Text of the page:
UPDATE, July 16, 2016: This article was originally published on May 21, 2014. Since then, it’s consistently been the most popular piece on this site almost every month. The original text is still valid, but SSD recommendations are now outdated.
As of July 2016, the consumer-grade SSD I recommend is the Samsung 850 EVO. If you want something fancier, both the Samsung 850 Pro and the SanDisk Extreme Pro are excellent, as well. That said, keep in mind that in this case the bottleneck will be your iMac’s 3 Gb/s SATA 2 interface, so any of these drives will have nearly identical performance. Prices vary slightly on Amazon but you can’t go wrong with any of these, so my advice would be to get whichever is cheaper at the moment.
Even though it will not be supported by the newly-announced macOS Sierra, my Early-2008 iMac is still my primary Mac. It’s a terrific machine and I have no plans to replace it anytime soon. The rest of the article has been preserved in its original form for historical accuracy.
A couple of weekends ago I finally had time for a project I’d been wanting to do for months: upgrading my iMac’s internal hard drive to an SSD. This is an account of how the upgrade went, the difficulties I found, and whether I recommend anyone do the same (Spoiler alert: yes, very much so). Before I begin, please note that this article is not a how-to manual, and as such it should never replace the excellent step-by-step guides available on iFixit and elsewhere on the Internet. I followed the iFixit guide throughout the entire process and if you’re thinking of upgrading your own iMac, I suggest you do the same. Also, the Amazon links in this article are affiliate links, so if you buy anything through one of those links, I’ll get a small kickback from Amazon. Thanks!
Ask around the Internet and most people will tell you that the single most important upgrade you can make to an old computer is an SSD. It’s absolutely true, followed closely by adding more RAM. In old computers, the most frequent performance bottlenecks in day-to-day use are caused by having to wait for the hard drive. It normally takes the drive a few milliseconds to get ready to read/write the desired data and, worse than that, those milliseconds add up quickly as the drive gets filled, because it has to look for different pieces of data that are scattered across the drive’s surface, and that takes time. Moreover, if you’re short on RAM, the system will try to create Virtual Memory by writing data to disk instead of RAM, which takes significantly longer. What the combination of these two situations amounts to is simple: you start seeing more beach balls, your entire computer appears to be frozen for a few seconds at a time, and the general “snappiness” of the system is gone.
An SSD, on the other hand, has no moving parts to spin, and it doesn’t have to go looking for pieces of data anywhere, so all those waiting times are cut down to effectively zero. That’s the main reason people swear by their SSD’s: if you put a modern SSD inside an old computer, it’s like rolling the clock back a few years. In fact, your machine can perform better than it ever did, even when it was new.
My iMac is a 24-inch model from early 2008. It was the top-of-the-line configuration then, with a Core 2 Duo processor clocked at 3.06 GHz. About two years ago I upgraded it with the highest amount of RAM it can get: 6 GB. Apple officially supports only up to 4 GB, but it’s been tested many times on the Internet that these iMacs actually support up to 6 GB, so I decided to go for it and had no problems whatsoever. Then, about a year ago, my graphics card died. I thought long and hard about whether it was time to replace my then 5-year-old iMac, but I decided to take it to the Genius Bar and see how much it would cost to repair it instead. It turned out to be a relatively inexpensive repair, about $180, so I figured it was worth it to keep my iMac around a bit longer. I like to use my computers for as long as possible and this one had served me well, so I saw no compelling reason to spend upwards of $1000 to replace it.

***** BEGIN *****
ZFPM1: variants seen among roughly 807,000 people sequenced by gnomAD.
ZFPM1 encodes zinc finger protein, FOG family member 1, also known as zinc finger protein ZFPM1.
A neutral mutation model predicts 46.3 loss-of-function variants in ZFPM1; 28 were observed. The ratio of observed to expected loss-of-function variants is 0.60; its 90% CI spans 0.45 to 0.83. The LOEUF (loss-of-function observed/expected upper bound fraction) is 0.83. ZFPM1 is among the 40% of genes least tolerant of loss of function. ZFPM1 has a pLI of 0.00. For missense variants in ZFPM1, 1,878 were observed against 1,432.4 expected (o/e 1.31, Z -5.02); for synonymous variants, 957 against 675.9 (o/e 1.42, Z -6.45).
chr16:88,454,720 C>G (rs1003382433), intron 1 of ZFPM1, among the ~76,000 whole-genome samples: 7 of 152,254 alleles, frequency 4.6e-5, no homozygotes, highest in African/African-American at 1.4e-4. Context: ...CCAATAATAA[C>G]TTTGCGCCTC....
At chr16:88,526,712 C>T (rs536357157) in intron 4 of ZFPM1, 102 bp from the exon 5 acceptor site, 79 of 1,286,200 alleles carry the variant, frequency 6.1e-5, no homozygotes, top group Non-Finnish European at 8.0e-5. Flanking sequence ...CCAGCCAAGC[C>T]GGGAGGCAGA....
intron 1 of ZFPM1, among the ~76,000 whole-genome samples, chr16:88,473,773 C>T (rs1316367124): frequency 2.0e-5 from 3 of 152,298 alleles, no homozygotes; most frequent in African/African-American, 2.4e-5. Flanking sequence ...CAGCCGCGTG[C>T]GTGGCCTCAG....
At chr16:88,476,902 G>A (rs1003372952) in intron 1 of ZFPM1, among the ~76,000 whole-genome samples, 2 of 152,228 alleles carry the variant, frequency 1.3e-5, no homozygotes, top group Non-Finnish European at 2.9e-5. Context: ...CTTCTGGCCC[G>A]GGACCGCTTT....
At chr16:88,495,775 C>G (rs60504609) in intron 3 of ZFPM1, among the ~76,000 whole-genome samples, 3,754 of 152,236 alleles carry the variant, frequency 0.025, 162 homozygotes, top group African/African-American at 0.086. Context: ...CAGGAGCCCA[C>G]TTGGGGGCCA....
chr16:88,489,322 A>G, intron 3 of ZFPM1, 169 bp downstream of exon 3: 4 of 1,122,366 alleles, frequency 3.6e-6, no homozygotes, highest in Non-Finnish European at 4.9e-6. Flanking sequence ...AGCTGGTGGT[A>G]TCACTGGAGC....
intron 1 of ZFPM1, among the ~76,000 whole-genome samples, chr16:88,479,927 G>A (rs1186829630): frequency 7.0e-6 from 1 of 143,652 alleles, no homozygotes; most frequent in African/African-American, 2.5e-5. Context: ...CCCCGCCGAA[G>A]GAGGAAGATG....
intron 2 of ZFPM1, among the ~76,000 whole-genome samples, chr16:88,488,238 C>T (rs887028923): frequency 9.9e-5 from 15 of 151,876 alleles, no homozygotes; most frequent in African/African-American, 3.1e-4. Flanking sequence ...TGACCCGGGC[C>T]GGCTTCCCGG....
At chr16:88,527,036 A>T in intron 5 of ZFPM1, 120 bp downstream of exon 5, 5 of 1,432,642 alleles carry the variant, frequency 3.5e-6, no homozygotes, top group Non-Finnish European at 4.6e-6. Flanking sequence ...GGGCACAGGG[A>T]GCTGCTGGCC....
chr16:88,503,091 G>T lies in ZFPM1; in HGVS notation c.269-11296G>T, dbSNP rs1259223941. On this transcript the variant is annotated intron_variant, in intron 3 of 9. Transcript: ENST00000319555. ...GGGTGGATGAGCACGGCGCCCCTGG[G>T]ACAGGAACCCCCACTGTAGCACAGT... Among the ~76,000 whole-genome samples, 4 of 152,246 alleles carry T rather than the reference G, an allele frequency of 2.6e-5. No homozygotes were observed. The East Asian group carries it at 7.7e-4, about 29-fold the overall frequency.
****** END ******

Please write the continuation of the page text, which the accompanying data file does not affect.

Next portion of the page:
Now it’s a year later and the iMac continues to perform admirably for a machine of its age. However, I was starting to feel a little uneasy about the internal hard drive, a 500 GB, 7200 RPM model from Seagate. Commercial-grade spinning hard drives have an average lifespan of about 5 years, so mine was probably nearing the end of its life. I do keep up-to-date backups so I was prepared for an eventual failure, but modern consumer SSD’s are finally affordable enough that upgrading the internal drive started to make a lot of sense. I’d rather anticipate the drive’s failure and deal with the upgrade process on my own terms.
As for what SSD to get, when you’re coming from a spinning hard drive this is probably not a critical issue, since there are massive performance gains to be made by switching to pretty much any modern SSD. Still, I’m a nerd, so I like to do my research and make an informed purchase whenever possible.
WARNING: These SSD recommendations were originally published in May 2014 and are now outdated. Check the update notice above for the current recommended models.
Fortunately, the general consensus seems to be that right now, the best consumer SSD in terms of performance vs. price is the Samsung 840 EVO, so I decided to go with that one. The size question is trickier, though: prices scale almost linearly with capacity, so you don’t save much money by going bigger. On the other hand, it’s been suggested that the bigger flavors of the 840 EVO (500 GB, 750 GB and 1TB) have better performance and more durability. While that may well be the case, the smaller drives (120 GB and 250 GB) are already plenty fast and durable, so this is not a decisive point either.